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A Coat For All Seasons

By: Lisa Thiel - Updated: 14 Apr 2010 | comments*Discuss
Coats Neutral Basics Winter Fabric

The nights are drawing in, morning temperatures are dropping and your autumn-weight jackets just aren't keeping out the chill. It's time to splash some hard-earned cash on a coat that'll see you through the winter. But with a bewildering variety of outerwear arriving in stores ready for the cold snap, it's worth taking some time out to think about what you want before hitting the shops.


Before you start on style considerations, work out when you'll be wearing the coat and what activities you'll be doing in it. Do you need something to keep you warm when walking or cycling to work, or will you be crammed into a train? Should it be waterproof, or do you prefer to keep the rain with an umbrella? Would a hard-wearing fabric be more suitable for your lifestyle than a decorative, elegant one like velvet or fine wool? Bear such thoughts in mind when browsing, as they'll affect the final cut, material and shape of your purchase.


Once you're out browsing the racks, the first criterion to consider should be length. A full-length coat looks glamorous and keeps you warm, but is more difficult to keep out of obstacles such as dirt, puddles, train doors, so consider downsizing to a three-quarter length number that'll be easier to control.

Check coats against your height before buying - garments will be cut to sit on a person of average height, so anyone taller or shorter will need to see how individual coats hang on their own frames. The length of the coat relative to your other garments is also important - if you like to wear knee- or mid-length skirts, get a coat that covers them fully and doesn't flap about inches above the hemline.


When trying on a coat, think about the sort of clothing you'll be wearing under it. A winter warmer should be roomy enough in the sleeves and chest area for you to wear a thick jumper underneath without wrinkling or spoiling the line of the top layer, so take one along if possible when you're shopping.

If you can't bend your arms or do up the buttons over the top of a sweater, reject it. Trying the next size up isn't really recommended, as it will end up baggy around your bottom half. And don't go for any garments without a lining - unlined coats will be easily stretched out of shape and begin to look ragged far more quickly.


Just like the rest of your clothing, coats should suit your body shape. A three-quarter A-line cut that flares out at the bottom, or a Sixties-style 'swagger' coat with its roomy bell-shaped cut, is much more flattering to most figures than a straight style.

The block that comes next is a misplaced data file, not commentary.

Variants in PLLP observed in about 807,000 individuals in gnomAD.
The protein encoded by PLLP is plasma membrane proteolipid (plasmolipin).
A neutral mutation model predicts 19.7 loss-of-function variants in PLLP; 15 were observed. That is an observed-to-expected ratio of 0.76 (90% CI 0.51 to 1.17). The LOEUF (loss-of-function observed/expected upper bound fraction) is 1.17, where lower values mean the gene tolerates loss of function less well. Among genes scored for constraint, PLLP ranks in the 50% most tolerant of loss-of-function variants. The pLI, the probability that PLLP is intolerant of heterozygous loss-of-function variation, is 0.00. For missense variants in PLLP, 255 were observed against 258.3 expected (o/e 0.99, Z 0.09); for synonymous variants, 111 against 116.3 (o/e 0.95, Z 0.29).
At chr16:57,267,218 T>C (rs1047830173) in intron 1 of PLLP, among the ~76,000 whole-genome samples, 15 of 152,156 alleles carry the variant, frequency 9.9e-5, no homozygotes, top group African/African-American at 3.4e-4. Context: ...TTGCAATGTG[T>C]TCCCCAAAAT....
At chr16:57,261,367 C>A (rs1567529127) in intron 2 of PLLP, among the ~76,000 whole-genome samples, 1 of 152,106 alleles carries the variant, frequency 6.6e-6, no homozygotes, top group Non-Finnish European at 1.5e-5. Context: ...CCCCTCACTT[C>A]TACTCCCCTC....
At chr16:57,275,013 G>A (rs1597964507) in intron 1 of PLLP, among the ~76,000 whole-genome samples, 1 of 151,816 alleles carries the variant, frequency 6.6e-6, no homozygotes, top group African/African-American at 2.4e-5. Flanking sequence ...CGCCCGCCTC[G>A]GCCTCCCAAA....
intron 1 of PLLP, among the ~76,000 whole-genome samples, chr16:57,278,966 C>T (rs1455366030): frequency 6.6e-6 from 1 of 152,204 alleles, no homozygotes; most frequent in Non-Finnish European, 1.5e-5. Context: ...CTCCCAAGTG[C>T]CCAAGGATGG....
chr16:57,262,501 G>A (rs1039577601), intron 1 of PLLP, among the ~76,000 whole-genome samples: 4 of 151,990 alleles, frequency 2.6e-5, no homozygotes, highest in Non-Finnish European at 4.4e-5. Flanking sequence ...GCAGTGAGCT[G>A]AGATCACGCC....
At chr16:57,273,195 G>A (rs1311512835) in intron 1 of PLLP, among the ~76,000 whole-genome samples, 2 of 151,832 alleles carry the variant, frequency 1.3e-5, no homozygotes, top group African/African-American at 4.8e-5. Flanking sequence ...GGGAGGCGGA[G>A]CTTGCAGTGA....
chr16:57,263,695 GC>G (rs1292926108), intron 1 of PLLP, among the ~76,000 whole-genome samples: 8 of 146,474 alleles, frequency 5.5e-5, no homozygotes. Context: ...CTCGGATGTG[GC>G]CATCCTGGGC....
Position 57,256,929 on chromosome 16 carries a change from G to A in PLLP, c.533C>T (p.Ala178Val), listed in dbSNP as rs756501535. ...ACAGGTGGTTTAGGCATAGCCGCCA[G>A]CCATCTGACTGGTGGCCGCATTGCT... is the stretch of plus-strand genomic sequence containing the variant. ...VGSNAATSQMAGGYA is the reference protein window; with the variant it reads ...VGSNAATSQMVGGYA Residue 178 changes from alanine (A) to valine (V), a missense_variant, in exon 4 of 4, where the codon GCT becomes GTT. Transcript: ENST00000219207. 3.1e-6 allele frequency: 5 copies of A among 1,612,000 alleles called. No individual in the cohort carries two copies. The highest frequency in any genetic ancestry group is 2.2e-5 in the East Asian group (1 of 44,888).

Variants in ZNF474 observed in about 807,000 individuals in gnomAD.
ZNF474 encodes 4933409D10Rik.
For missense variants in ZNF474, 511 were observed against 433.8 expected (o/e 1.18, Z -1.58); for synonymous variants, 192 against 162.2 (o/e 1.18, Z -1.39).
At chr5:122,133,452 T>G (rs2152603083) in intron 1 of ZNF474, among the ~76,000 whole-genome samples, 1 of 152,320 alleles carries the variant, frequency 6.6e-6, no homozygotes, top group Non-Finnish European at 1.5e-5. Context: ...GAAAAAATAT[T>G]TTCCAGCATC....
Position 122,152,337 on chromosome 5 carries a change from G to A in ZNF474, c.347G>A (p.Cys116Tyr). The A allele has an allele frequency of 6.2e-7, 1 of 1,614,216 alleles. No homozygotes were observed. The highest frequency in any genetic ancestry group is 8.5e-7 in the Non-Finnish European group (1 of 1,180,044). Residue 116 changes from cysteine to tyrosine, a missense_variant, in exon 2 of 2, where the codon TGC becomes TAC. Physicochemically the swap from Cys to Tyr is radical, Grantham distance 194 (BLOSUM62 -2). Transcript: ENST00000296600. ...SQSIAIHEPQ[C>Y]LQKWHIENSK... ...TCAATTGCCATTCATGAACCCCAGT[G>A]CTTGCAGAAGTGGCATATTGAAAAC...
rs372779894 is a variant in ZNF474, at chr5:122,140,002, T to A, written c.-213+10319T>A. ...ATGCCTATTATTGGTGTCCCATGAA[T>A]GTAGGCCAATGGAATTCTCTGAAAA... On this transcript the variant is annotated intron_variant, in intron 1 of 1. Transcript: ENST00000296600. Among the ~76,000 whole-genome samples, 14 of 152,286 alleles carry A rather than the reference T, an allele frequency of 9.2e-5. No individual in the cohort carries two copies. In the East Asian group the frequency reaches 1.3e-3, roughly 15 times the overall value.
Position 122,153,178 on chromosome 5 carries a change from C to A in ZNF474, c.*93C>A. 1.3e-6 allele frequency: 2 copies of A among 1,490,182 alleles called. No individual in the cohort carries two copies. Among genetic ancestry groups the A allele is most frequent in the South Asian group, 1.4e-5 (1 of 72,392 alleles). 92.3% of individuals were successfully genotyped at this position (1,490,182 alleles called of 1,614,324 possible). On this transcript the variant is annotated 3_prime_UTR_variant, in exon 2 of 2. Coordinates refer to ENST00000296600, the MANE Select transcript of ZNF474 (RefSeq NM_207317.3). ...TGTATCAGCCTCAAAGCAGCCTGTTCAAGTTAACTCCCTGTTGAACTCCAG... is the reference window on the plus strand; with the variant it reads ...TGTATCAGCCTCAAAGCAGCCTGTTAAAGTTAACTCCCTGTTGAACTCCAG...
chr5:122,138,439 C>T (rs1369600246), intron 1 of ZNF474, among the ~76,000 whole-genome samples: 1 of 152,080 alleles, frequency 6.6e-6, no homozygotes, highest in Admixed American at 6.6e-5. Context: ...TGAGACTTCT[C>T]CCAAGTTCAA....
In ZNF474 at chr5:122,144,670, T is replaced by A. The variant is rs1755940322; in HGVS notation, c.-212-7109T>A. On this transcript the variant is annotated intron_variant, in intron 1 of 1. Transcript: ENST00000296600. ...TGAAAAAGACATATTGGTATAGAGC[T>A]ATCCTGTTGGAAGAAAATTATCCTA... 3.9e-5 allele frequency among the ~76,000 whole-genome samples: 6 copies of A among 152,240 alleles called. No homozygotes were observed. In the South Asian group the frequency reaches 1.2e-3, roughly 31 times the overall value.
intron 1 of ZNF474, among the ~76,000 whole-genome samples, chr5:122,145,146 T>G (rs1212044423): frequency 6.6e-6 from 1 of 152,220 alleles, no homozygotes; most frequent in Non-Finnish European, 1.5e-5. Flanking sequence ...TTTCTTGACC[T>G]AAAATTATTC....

Avoid a lot of padding around the shoulders, which will make your top half look enormous. Those with smaller boobs should opt for a double-breasted cut that gives definition to the chest area, while bigger-busted ladies or those with a little more around the stomach will look far better in the V-shaped neckline and looser-structured front of a single-breasted style.


Don't suppress your natural instincts when it comes to colour, but do bear in mind that coats tend to get more battered by both natural and man-made elements than other clothes - so if you've got your heart set on a white, beige or pastel number, be prepared to fork out a fortune in dry-cleaning bills. The classic camouflage of black, navy, brown or grey is a good choice for the style-conscious, as it'll hide everyday stains easily and go with everything in your wardrobe.

Brightly-coloured coats make a fantastic impact on the eye, but can look odd paired against more sober clothing underneath. Only wear a bright coat with neutral basics, or over outfits that can be covered by it totally, so the impact isn't diluted or jarring.

Quality coats can be expensive, but if you follow the rules and pick out a flattering and practical cut, you'll feel good every time you put it on. Think how often you'll be wearing the coat and you'll realise that spending a little extra time and money on getting the right one is one of the best wardrobe investments you can make.

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